By Eric Schweibenz
On June 7, 2010, ALJ E. James Gildea issued the public version of Order No. 20 (dated May 20, 2010) in Certain Video Displays, Components Thereof, and Products Containing Same (Inv. No. 337-TA-687) granting a motion for summary determination filed by Complainant LG Electronics, Inc. (“LG”).

In support of its motion that it satisfied the economic prong of the domestic industry requirement, LG argued that it made significant investments in post-sale service and engineering for certain LG LCD and plasma televisions covered by the four patents-in-suit.  Respondents Vizio, Inc., AmTran Technology Co., Ltd., and AmTran Logistics, Inc. (collectively, “Respondents”) opposed the motion arguing that LG’s activities supporting its economic domestic industry argument were not substantial and that genuine issues of material fact prevented a grant of summary determination on this issue.  The Commission Investigative Staff (“OUII”) filed a response in support of LG’s motion arguing that “there is no genuine issue of material fact that LGE through certain expenditures of its wholly owned U.S. subsidiary LG Electronics, Inc. Alabama (‘LGE-AL’), has demonstrated that it has made a substantial investment in the exploitation of the four patents in suit, thus satisfying the requirements of 19 U.S.C. § 1337(a)(3)(C).”

In the Order, ALJ Gildea rejected Respondents’ arguments that (i) a selection of representative products is insufficient to demonstrate an economic industry with respect to the asserted patents, (ii) Respondents have not had sufficient time for discovery with respect to economic domestic industry, and (iii) LG’s evidence involving service of the LG products, such as phone calls, repair orders, warranty claims, or return authorizations, “is objectionable merely because LG’s witness was unable to allocate what percentage of each LG’s employee’s work time related directly to the LG products.”  Further ALJ Gildea disagreed with OUII’s argument that LG’s figures relating to customer calls, return authorizations, technician calls, and product repairs and refurbishments for the LG products cannot support an economic domestic industry finding.  Specifically, ALJ Gildea determined that:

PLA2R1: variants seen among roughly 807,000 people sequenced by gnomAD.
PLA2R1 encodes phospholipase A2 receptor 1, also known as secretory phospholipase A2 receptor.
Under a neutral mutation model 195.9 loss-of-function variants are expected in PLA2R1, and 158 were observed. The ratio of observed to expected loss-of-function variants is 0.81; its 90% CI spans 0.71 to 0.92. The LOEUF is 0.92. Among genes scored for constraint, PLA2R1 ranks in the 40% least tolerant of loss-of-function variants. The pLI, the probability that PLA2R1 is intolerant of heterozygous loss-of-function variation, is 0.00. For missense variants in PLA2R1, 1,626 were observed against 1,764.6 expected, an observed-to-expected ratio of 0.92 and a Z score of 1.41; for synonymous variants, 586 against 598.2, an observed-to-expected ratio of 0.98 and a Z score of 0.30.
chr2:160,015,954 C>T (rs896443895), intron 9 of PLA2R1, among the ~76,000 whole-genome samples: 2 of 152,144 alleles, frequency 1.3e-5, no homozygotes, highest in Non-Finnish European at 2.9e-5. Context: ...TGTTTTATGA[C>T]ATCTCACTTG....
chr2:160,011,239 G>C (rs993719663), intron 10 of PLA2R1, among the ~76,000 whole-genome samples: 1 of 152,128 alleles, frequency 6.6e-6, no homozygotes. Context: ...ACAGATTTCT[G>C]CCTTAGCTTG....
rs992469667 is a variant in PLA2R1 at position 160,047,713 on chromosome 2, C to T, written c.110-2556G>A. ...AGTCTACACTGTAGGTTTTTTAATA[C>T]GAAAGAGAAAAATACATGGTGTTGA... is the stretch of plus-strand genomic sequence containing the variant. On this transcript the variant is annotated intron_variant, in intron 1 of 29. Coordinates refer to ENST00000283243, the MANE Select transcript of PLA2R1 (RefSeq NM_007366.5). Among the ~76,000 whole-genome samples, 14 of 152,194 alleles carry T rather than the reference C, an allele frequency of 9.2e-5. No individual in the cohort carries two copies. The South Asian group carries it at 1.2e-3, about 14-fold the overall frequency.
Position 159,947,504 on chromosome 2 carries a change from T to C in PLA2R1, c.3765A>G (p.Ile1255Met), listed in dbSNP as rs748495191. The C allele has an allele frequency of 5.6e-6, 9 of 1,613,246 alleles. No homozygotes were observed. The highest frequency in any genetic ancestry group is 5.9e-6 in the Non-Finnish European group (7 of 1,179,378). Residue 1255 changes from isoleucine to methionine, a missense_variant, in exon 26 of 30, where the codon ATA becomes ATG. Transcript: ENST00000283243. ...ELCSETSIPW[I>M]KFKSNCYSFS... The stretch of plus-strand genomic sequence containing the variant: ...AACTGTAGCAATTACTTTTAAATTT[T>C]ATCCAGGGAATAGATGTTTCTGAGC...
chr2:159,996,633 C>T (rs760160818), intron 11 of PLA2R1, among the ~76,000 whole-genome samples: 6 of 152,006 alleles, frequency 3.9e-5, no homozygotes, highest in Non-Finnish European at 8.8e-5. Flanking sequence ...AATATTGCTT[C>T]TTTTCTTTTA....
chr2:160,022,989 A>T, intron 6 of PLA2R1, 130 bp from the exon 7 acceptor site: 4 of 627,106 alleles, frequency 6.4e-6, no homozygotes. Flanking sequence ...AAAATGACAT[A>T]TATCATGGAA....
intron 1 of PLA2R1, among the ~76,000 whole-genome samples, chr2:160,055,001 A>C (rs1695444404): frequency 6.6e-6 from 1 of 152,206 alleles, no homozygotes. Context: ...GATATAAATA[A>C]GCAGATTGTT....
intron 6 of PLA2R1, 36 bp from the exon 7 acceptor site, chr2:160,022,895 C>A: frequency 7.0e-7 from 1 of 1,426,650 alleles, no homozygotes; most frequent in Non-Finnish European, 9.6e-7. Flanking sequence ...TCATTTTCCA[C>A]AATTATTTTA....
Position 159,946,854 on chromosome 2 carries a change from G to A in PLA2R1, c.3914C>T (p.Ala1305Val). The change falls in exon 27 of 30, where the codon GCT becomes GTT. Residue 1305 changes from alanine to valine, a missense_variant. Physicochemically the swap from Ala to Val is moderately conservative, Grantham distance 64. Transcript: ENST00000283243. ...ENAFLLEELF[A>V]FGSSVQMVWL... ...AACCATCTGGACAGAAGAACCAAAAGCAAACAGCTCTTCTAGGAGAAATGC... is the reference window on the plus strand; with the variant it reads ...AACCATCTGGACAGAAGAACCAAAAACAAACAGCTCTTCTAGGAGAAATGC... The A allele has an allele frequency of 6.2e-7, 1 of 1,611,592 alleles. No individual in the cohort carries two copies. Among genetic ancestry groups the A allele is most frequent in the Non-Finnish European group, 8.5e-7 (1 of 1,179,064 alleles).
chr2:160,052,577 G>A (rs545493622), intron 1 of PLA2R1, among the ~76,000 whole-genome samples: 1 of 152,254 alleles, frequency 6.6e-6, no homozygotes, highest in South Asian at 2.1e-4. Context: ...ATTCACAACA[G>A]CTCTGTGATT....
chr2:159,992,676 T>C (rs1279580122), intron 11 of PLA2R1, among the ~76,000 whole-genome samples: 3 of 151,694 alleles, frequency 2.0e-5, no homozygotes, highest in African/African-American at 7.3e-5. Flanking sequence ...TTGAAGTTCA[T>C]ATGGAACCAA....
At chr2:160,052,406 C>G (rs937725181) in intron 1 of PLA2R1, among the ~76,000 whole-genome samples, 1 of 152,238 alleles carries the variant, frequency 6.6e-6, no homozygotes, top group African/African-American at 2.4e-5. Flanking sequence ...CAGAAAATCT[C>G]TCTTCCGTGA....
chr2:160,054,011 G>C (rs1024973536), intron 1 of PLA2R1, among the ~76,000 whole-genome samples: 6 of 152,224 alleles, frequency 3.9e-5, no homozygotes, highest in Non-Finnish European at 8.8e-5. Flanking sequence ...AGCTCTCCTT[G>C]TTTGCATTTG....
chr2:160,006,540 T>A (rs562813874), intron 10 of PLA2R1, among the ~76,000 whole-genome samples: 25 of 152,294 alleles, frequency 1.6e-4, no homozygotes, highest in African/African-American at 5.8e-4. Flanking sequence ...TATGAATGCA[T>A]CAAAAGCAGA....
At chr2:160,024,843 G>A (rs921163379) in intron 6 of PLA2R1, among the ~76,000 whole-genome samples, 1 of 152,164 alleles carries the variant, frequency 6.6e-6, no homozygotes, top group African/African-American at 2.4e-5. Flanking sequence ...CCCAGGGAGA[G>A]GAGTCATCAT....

While it is true that there does not appear to be associated cost information for these service activities, it is possible to make a showing of economic domestic industry based on significant employment of labor and capital.  19 U.S.C. § 1337(a)(3)(B).  This portion of the statute does not appear to be as strictly tied to monetary expenditures, as [OUII] seems to suggest, because the wording (‘employment’) differs from sections (A) and (C) (‘investment’).  Domestic activities relating to customer support, quality control, and repairs for similar products/industries have supported a finding of economic domestic industry under either section (B) or (C).

(Citations and emphasis omitted).

Accordingly, ALJ Gildea granted LG’s motion and held that “[e]ven viewing all evidence in the light most favorable to Respondents and drawing all justifiable inferences in favor of Respondents, it is clear that LG has made a substantial investment in the exploitation of articles protected by the asserted patents based on its post-sale service and engineering activities (Warranty Activities), and has made significant employment of labor and capital in the United States (Call Center, Return, Technician, and Repair Activities) with respect to the representative LG Products alleged to practice the asserted patents.”